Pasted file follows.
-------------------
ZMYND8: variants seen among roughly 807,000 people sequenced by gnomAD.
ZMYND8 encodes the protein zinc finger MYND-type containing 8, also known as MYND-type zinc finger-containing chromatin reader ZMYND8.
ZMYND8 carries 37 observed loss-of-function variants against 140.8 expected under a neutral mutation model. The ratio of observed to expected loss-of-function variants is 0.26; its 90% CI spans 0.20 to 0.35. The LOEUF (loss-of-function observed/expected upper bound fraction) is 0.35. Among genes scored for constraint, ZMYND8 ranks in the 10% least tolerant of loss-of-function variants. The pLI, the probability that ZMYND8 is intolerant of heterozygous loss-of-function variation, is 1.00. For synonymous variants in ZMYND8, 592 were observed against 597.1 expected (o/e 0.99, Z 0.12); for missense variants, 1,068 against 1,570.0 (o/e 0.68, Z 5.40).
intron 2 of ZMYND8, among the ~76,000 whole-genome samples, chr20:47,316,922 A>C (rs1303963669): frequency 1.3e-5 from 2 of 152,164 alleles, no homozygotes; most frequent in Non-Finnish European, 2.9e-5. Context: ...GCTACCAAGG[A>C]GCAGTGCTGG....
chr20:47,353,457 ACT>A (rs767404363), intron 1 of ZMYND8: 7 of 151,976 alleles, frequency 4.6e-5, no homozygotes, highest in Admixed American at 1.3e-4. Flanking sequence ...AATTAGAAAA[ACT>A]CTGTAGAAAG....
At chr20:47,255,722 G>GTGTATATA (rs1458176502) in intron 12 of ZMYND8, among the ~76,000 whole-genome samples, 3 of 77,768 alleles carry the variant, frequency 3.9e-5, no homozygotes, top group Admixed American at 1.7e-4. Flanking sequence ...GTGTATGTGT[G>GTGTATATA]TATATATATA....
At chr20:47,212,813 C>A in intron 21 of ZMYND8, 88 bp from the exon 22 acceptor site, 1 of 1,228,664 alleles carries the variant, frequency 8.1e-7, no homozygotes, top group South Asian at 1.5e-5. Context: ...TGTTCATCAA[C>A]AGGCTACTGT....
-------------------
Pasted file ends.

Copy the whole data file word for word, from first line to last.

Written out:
ZMYND8: variants seen among roughly 807,000 people sequenced by gnomAD.
ZMYND8 encodes the protein zinc finger MYND-type containing 8, also known as MYND-type zinc finger-containing chromatin reader ZMYND8.
ZMYND8 carries 37 observed loss-of-function variants against 140.8 expected under a neutral mutation model. The ratio of observed to expected loss-of-function variants is 0.26; its 90% CI spans 0.20 to 0.35. The LOEUF (loss-of-function observed/expected upper bound fraction) is 0.35. Among genes scored for constraint, ZMYND8 ranks in the 10% least tolerant of loss-of-function variants. The pLI, the probability that ZMYND8 is intolerant of heterozygous loss-of-function variation, is 1.00. For synonymous variants in ZMYND8, 592 were observed against 597.1 expected (o/e 0.99, Z 0.12); for missense variants, 1,068 against 1,570.0 (o/e 0.68, Z 5.40).
intron 2 of ZMYND8, among the ~76,000 whole-genome samples, chr20:47,316,922 A>C (rs1303963669): frequency 1.3e-5 from 2 of 152,164 alleles, no homozygotes; most frequent in Non-Finnish European, 2.9e-5. Context: ...GCTACCAAGG[A>C]GCAGTGCTGG....
chr20:47,353,457 ACT>A (rs767404363), intron 1 of ZMYND8: 7 of 151,976 alleles, frequency 4.6e-5, no homozygotes, highest in Admixed American at 1.3e-4. Flanking sequence ...AATTAGAAAA[ACT>A]CTGTAGAAAG....
At chr20:47,255,722 G>GTGTATATA (rs1458176502) in intron 12 of ZMYND8, among the ~76,000 whole-genome samples, 3 of 77,768 alleles carry the variant, frequency 3.9e-5, no homozygotes, top group Admixed American at 1.7e-4. Flanking sequence ...GTGTATGTGT[G>GTGTATATA]TATATATATA....
At chr20:47,212,813 C>A in intron 21 of ZMYND8, 88 bp from the exon 22 acceptor site, 1 of 1,228,664 alleles carries the variant, frequency 8.1e-7, no homozygotes, top group South Asian at 1.5e-5. Context: ...TGTTCATCAA[C>A]AGGCTACTGT....